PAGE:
Common treatment endometriosis linked to ovarian cancer, say University of Pittsburgh researchers

March 17, 2002

PITTSBURGH, March 17 - A commonly prescribed medication for treating endometriosis appears to elevate the risk of ovarian cancer, according to findings presented by a University of Pittsburgh Graduate School of Public Health (GSPH) researcher at the 33rd annual meeting of the Society of Gynecologic Oncologists in Miami.

In the study, women taking danazol, a synthetic version of the male hormone androgen, were nearly three times more likely to develop ovarian cancer than were women taking leuprolide, an anti-androgenic, gonadotropin-releasing hormone agonist. Both drugs are used to treat endometriosis, a painful disease in which pieces of uterine tissue migrate to other parts of the body.

"Our previous studies have found that women with endometriosis are already at a 50-percent increased risk for ovarian cancer, and treating them with danazol appears to further increase their risk. This new result, even though it is preliminary, may factor into the equation when clinicians and their patients with endometriosis are deciding on the best treatment," said presenter Roberta B. Ness, M.D., M.P.H., associate professor of epidemiology at the GSPH and director of the school's Epidemiology of Women's Health Program.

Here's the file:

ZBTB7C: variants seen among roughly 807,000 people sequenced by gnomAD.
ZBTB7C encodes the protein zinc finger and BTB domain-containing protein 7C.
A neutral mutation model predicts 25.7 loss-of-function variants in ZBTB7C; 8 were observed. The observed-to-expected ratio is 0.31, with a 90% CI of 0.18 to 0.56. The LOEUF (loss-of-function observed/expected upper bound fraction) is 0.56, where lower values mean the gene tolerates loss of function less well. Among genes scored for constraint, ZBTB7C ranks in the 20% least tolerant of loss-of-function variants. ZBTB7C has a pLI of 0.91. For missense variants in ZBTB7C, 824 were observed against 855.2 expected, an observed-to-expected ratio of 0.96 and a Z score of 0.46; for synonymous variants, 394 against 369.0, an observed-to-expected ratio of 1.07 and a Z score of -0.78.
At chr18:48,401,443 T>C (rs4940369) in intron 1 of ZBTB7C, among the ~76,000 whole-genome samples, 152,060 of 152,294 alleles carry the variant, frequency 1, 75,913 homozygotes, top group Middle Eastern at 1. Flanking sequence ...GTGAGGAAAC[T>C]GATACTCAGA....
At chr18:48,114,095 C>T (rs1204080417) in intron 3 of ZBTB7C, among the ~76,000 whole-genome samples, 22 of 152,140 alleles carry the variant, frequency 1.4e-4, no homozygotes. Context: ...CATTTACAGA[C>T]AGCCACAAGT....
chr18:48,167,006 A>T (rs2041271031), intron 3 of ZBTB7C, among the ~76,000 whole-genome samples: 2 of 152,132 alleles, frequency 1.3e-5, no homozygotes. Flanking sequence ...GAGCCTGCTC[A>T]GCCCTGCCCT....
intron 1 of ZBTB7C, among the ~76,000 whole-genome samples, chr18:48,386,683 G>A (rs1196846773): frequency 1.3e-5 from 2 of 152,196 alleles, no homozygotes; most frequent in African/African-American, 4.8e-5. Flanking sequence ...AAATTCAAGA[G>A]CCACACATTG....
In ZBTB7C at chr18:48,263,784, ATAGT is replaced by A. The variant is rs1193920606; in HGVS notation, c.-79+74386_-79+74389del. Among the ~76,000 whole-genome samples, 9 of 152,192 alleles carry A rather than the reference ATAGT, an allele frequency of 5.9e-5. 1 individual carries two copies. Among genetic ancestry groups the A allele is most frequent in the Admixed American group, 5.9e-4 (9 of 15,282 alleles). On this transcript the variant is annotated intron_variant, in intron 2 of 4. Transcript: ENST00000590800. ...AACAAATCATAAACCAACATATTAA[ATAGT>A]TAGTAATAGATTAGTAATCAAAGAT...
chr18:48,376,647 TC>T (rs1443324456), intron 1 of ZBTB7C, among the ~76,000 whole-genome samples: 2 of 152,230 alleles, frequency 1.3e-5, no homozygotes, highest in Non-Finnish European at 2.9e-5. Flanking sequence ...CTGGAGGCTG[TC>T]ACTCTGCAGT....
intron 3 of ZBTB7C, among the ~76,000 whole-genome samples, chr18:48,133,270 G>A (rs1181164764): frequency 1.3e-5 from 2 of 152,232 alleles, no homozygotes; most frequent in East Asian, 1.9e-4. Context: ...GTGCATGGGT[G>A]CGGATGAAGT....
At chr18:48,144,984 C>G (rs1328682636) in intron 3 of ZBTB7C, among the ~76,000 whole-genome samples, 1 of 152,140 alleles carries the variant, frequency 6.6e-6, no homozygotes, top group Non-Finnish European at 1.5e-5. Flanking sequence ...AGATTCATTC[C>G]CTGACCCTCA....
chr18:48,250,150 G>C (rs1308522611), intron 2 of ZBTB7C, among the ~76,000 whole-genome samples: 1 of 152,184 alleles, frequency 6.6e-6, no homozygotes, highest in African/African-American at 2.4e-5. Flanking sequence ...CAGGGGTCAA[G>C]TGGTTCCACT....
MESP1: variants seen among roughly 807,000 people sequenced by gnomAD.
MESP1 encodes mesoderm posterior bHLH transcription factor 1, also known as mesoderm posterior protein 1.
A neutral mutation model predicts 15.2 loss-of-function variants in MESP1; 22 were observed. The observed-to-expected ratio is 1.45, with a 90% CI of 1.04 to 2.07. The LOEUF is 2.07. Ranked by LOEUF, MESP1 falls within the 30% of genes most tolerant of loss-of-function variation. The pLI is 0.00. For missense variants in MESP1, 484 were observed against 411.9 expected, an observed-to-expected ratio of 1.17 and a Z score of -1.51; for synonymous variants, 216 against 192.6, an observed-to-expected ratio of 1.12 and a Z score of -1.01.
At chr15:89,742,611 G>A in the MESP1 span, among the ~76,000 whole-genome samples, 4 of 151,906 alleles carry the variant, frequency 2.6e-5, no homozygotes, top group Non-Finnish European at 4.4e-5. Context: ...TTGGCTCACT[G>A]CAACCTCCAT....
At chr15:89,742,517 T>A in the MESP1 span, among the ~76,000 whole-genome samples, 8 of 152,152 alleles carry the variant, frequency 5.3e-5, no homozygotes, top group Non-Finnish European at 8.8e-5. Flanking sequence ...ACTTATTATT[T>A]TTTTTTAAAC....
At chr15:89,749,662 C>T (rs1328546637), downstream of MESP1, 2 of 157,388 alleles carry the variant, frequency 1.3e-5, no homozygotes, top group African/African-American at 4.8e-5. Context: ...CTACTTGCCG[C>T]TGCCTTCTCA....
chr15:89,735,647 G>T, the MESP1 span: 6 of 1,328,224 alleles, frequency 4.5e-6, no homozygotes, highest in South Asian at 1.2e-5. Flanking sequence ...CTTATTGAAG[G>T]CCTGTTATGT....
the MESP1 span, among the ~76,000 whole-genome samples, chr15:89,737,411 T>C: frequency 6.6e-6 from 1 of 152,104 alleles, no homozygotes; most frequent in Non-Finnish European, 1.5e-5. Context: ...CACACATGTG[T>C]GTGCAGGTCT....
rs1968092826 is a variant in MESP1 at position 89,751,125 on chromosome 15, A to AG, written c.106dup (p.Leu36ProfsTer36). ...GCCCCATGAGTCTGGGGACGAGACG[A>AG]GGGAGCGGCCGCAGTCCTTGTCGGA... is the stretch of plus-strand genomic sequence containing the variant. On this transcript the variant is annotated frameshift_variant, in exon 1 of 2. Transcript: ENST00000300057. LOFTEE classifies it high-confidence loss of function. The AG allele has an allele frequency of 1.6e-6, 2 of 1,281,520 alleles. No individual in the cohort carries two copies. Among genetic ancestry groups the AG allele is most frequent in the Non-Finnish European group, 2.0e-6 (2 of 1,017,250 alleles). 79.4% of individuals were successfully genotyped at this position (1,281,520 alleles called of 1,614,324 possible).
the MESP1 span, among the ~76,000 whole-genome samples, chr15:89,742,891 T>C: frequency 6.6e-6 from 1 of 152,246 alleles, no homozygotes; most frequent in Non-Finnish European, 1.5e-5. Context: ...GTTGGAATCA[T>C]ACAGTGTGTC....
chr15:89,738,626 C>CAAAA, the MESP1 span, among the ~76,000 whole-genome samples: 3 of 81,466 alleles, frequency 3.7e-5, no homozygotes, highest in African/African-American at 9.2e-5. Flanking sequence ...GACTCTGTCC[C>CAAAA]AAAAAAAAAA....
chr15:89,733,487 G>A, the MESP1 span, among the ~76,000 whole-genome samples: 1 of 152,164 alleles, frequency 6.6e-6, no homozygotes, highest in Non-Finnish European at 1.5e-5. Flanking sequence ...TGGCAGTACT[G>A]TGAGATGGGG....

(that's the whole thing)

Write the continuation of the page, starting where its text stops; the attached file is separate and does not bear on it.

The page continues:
The study analyzed pooled data from two case-control studies that examined the relationships among endometriosis, endometriosis treatments and ovarian cancer. Among women with endometriosis, 17 took danazol and 15 took leuprolide. Analysis showed that the study participants who took danazol were 2.7 times more likely to have ovarian cancer than were other women with endometriosis who did not take danazol. Women taking leuprolide had no significant elevation in risk.

"While the number of women studied is small, the results are telling, and they warrant further studies on a larger scale," said the study's principal investigator, Carrie Cottreau, Ph.D., assistant professor of obstetrics and gynecology, University of Pittsburgh School of Medicine.

Additional research studies are planned at the University of Pittsburgh to further investigate the link between androgens and ovarian cancer.

Earlier this year, Dr. Ness and colleagues published results of a study showing that there is no association between fertility drugs and ovarian cancer. However, the study showed that the risk of ovarian cancer is 50 percent higher in women with endometriosis than it is for women without endometriosis.
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Established in 1948, the University of Pittsburgh Graduate School of Public Health is considered a leader in the field of women's health research and is world-renowned for contributions that have influenced public health practices and medical care for millions of people. It is the only fully accredited school of public health in the Commonwealth of Pennsylvania and is one of the top-ranked schools of public health in the United States. It is one of eight schools across the country to be designated a Public Health Training Center by the U.S. Department of Health and Human Services. For more information, access the school's Web site at http://www.pitt.edu/~gsphhome.

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